Flash Fiction Story 054: The First Day

The unknown filled the boy with terror, but then, first grade at a new school was bound to create some anxiety.

What if he wasn’t as smart as the other kids? What if he was smarter? Either way, he’d stick out like a sore thumb, and that was no way to go about the first day. Because if he stuck out like a sore thumb then, he would stick out like a sore thumb for the rest of his life, and that was no way to live at all.

It’d be okay if he knew what kind of identity he might have with his peers, but even that was a great and far reaching unknown. These people already know each other. He was good at drawing, but what if they already had a kid who was good at drawing? They can’t have more than one. What would he do then? He wasn’t bad at jacks. His grandfather had showed him how to play the game last summer, although Grandpa had called it “knucklebones.” It gave the game a sinister quality, but even then, he was pretty sure kids didn’t play jacks anymore.

Who would he eat lunch with? All the drawings and all the jacks in the world wouldn’t help him when he was looking for an empty seat at a table in the cafeteria.

He thought of home, even his new home where the floors creaked wherever you walked, and the air conditioner that clanked to life every hour on the hour. That place was new and scary, but all of his toys were there, and his cat. He could hack it there. Out here in the world, there was no telling what might happen.

“You doing okay, kiddo?” Mom asked. She didn’t look at him. She was still trying to get used to the streets in their new town.

He blinked back tears she couldn’t see. He couldn’t even express all of his fears. He didn’t have the words. “Yeah, I’m okay.”

“You’re a braver man than me,” Mom said. He couldn’t quite tell if what she said was praise or an order. He didn’t bother to ask.

They pulled into the parking lot and Mom walked him to his new classroom. All the moisture fled from his throat. If this had been anything other than school, he would have asked if they could go home. Even if he could somehow get out of going to this school, he supposed he would have to go to some school somewhere eventually. Besides, as much as what might be behind that door bothered him, Dad finding out that he was a baby and chickened out was even worse.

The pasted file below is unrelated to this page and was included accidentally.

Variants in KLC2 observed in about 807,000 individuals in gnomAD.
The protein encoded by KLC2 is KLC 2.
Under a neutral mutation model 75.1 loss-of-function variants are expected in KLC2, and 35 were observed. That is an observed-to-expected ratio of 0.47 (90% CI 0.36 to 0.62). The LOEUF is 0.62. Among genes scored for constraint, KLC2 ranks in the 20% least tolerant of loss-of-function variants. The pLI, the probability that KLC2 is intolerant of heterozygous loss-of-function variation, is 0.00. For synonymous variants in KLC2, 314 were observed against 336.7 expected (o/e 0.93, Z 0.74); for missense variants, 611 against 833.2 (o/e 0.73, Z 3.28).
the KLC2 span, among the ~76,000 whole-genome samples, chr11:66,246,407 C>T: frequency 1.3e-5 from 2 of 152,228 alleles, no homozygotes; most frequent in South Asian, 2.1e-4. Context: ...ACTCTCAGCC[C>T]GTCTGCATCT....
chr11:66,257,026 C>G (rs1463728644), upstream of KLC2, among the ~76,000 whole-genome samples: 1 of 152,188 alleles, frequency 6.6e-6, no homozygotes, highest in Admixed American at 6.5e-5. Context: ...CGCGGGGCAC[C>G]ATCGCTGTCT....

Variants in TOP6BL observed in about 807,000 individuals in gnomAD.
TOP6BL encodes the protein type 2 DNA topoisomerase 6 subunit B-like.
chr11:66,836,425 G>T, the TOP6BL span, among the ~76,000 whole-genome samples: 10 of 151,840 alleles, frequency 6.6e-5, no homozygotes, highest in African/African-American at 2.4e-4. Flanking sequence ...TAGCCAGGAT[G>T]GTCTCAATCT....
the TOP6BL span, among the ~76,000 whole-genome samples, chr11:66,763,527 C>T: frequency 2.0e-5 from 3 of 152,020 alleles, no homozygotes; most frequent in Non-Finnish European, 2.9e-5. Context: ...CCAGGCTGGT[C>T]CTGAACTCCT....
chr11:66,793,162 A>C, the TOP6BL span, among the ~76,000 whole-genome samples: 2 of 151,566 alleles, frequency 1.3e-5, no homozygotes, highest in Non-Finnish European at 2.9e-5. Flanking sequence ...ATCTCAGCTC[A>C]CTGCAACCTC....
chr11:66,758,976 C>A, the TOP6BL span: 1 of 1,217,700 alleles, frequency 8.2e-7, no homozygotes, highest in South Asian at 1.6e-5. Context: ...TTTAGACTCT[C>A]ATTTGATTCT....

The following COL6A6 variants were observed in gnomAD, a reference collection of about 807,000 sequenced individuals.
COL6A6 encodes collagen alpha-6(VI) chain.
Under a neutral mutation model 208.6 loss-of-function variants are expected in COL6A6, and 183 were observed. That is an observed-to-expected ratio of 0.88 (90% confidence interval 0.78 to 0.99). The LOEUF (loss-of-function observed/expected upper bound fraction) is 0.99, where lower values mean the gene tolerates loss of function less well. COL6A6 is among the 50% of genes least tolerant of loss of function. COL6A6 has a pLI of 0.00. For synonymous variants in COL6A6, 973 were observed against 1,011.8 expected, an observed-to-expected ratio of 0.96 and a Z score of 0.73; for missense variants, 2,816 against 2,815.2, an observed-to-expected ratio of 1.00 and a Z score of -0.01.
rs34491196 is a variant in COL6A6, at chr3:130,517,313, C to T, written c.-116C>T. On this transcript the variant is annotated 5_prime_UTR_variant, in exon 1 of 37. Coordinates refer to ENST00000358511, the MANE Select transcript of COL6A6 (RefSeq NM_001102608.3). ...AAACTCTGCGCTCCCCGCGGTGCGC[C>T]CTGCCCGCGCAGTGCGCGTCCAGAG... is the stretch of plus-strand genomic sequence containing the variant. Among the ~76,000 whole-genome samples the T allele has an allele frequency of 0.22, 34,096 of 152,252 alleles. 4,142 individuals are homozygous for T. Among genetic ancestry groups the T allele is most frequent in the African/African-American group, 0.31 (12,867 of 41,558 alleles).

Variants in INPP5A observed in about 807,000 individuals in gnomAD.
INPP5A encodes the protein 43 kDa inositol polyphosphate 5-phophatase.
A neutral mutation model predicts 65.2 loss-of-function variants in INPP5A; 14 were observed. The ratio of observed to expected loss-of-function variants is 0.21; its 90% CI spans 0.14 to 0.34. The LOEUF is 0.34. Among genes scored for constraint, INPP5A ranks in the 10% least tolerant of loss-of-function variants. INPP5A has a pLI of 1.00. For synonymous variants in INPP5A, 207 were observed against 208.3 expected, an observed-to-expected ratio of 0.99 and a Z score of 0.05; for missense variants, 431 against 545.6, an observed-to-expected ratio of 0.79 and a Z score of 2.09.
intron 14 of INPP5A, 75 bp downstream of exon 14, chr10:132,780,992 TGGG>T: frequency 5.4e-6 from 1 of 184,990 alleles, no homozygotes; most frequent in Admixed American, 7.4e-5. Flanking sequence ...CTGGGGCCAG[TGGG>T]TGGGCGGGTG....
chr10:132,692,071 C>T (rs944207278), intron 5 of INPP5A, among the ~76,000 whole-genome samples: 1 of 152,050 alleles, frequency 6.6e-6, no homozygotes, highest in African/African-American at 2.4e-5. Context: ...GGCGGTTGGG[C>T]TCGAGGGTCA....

The teacher opened the door and beamed at them both. “You must be our new friend!” the teacher said.

He tried to peek into the room while the door was still open, but he couldn’t tell much. The teacher’s exclamation hung in the air unanswered.

He nodded.

“Well, we’re all excited to meet you, and we’re going to have some fun. This is exciting, a brand new adventure for all of us!”

He relaxed, if only a little bit. Adventure. That was something he could hold on to. Like Batman propelling out of the Batcave in the Batmobile, or Luke Skywalker launching into the cosmos in his X-Wing, or Spider-Man leaping off from a building with only his webbing to protecting him, this was his call to adventure.

He stepped forward toward the teacher.

“Have a good day, buddy,” Mom said.

He turned back for a moment and nodded again.

“I’ll be right here when you’re done!” Mom said once more, but he could see she was already moving for the door.

The teacher led him into the classroom. Children were seated at desks. There was an empty one nearby. The teacher had laid a card with his name on it. “This is all you,” she said. He sat down and relaxed a little more. He still didn’t know what was going to happen, but these kids didn’t seem like they had any inherent meanness to them. That at least eliminated the worst-case scenario.

Either way, he could see Mom drive her car away. He was in it now.

The teacher turned to the rest of the class. “The coast is clear.”

He raised his hand. It might have been nerves that caused him to speak before being called on, but the less time he didn’t know what was going on, the better. “What does ‘the coast is clear,’ mean?”

The teacher didn’t respond. Had he done something wrong? He heard a sharp whine coming from every direction, and the teacher’s head lolled backward on her shoulders. She then collapsed onto the floor. Where a flesh-and-blood person had stood only moments before, a bubbling pile of flesh colored plastic now undulated.

The other children didn’t panic. Instead, their eyes glowed bright red like taillights.

“You are an unknown variable,” the children said, all in unison. “This will be rectified.”

“What?” I asked.

“We come from a world beyond your solar system. From here, we have taken the place of several of your children. Our invasion will commence soon with our infiltrators firmly in place.”

They had moved closer to him with every word.

“You’re the odd man out, it would seem. We can’t have that.”

They closed in on him. The sharp whine that had obliterated the teacher filled his ears once more. He hadn’t even dreamed that it would be like this.

Art by Eris O’Reilly

Art by Eris O’Reilly